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Atlanta Education Case Shows a Dark Side of Emphasis on Testing

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I just recently heard about the massive educational corruption case in Atlanta. Hundreds of teachers, principals and administrators are accused of altering tests to make scores go up. Higher scores make schools look good and could be the difference in educators keeping their jobs. What would make educators who have dedicated their lives to educating children do this? The answer, of course, is the over reliance on test scores in measuring educational achievement.

What has happened is that schools are graded and rated based almost solely on test scores. While there may have needed to be some measurement to greater ensure accountability, we appear to have swung too far in the other direction. In New York, schools get letter grades based mostly on test scores and improvement. These grades can determine whether a school remains open and often distort both the true performance of the students and the education they are getting.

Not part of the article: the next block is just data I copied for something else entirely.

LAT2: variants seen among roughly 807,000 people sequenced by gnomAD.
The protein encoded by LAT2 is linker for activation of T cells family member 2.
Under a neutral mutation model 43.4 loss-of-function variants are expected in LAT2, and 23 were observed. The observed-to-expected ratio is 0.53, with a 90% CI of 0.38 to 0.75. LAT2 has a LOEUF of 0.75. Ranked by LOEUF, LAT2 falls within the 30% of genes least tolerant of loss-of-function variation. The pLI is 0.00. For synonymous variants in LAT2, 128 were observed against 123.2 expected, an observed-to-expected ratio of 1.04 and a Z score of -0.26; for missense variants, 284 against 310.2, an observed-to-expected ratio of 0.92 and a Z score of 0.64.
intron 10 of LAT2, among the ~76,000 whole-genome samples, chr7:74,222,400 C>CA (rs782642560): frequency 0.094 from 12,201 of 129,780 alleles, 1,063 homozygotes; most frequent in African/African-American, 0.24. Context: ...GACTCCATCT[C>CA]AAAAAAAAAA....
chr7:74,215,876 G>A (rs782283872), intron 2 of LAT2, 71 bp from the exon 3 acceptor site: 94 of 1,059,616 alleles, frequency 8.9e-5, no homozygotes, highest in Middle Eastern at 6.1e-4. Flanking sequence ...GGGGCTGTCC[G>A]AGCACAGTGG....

We have all heard of the "teaching to the test" which has regimented instruction. Now in Atlanta, educators faced with the possible loss of their jobs based on test scores took to altering the tests. It is time to reassess all of the test-centric evaluation and find a way to look at the bigger picture for schools and a children's education. Yes, tests are important but they should be a smaller piece of the puzzle. We live in a computerized data worshiping age. Perhaps in areas like education we need to get away from the numbers and look at the human factors too.